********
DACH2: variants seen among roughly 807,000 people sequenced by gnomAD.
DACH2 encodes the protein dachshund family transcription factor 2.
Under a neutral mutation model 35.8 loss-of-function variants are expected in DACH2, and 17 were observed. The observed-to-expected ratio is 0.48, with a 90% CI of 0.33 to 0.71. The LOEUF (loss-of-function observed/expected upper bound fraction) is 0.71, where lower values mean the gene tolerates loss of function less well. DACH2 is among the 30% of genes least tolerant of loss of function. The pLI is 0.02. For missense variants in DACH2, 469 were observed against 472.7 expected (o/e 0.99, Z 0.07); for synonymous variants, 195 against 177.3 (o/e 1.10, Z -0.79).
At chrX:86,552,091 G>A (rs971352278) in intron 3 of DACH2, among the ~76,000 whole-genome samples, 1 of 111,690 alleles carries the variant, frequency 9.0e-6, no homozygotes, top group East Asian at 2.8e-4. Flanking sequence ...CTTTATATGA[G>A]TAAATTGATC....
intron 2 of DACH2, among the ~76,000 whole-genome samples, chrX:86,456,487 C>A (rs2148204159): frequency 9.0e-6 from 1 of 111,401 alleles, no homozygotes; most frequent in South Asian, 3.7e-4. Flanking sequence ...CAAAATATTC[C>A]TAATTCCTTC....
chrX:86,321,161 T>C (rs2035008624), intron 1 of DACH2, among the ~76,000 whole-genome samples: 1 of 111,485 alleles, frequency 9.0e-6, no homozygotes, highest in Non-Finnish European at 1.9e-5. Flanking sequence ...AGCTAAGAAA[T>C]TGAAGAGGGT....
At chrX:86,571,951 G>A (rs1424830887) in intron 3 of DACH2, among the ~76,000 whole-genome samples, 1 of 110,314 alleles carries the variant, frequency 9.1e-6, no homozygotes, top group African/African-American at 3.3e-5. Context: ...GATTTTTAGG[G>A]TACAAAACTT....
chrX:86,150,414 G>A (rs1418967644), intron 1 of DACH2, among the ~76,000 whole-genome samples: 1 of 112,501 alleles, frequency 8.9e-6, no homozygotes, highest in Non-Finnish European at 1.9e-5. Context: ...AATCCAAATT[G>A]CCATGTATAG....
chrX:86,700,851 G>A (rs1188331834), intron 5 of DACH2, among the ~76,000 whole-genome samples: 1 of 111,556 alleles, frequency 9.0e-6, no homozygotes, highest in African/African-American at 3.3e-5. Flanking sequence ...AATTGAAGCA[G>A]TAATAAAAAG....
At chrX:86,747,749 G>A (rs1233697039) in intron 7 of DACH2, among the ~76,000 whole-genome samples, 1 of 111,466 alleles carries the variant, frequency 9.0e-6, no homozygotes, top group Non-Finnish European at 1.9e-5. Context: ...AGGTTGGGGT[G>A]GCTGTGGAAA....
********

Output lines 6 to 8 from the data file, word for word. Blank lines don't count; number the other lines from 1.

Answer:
chrX:86,321,161 T>C (rs2035008624), intron 1 of DACH2, among the ~76,000 whole-genome samples: 1 of 111,485 alleles, frequency 9.0e-6, no homozygotes, highest in Non-Finnish European at 1.9e-5. Flanking sequence ...AGCTAAGAAA[T>C]TGAAGAGGGT....
At chrX:86,571,951 G>A (rs1424830887) in intron 3 of DACH2, among the ~76,000 whole-genome samples, 1 of 110,314 alleles carries the variant, frequency 9.1e-6, no homozygotes, top group African/African-American at 3.3e-5. Context: ...GATTTTTAGG[G>A]TACAAAACTT....
chrX:86,150,414 G>A (rs1418967644), intron 1 of DACH2, among the ~76,000 whole-genome samples: 1 of 112,501 alleles, frequency 8.9e-6, no homozygotes, highest in Non-Finnish European at 1.9e-5. Context: ...AATCCAAATT[G>A]CCATGTATAG....